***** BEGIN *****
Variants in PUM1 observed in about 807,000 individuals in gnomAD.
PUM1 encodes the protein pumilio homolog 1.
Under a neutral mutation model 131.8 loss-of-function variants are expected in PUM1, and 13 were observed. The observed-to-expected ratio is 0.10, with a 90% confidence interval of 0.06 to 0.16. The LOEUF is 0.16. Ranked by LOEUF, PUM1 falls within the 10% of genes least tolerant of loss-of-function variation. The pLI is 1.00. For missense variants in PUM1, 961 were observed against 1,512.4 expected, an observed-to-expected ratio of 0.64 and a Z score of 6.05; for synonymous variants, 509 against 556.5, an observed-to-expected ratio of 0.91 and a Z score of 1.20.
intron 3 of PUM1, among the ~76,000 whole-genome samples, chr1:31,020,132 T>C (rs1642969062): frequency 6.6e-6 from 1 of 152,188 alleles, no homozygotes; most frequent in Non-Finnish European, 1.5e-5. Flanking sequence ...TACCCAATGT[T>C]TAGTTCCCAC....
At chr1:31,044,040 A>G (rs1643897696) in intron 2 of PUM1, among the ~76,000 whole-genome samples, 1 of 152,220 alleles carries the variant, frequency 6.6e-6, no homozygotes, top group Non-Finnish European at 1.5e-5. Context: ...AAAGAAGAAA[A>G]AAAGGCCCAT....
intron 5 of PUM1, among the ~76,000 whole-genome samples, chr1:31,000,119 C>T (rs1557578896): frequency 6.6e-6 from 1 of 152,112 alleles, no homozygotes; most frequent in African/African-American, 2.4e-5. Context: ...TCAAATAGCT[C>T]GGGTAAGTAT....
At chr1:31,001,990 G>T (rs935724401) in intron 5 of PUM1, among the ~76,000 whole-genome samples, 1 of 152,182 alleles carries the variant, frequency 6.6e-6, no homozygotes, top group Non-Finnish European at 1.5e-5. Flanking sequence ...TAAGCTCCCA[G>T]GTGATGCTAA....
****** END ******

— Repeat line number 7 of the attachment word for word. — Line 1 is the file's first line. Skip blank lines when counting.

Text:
At chr1:31,001,990 G>T (rs935724401) in intron 5 of PUM1, among the ~76,000 whole-genome samples, 1 of 152,182 alleles carries the variant, frequency 6.6e-6, no homozygotes, top group Non-Finnish European at 1.5e-5. Flanking sequence ...TAAGCTCCCA[G>T]GTGATGCTAA....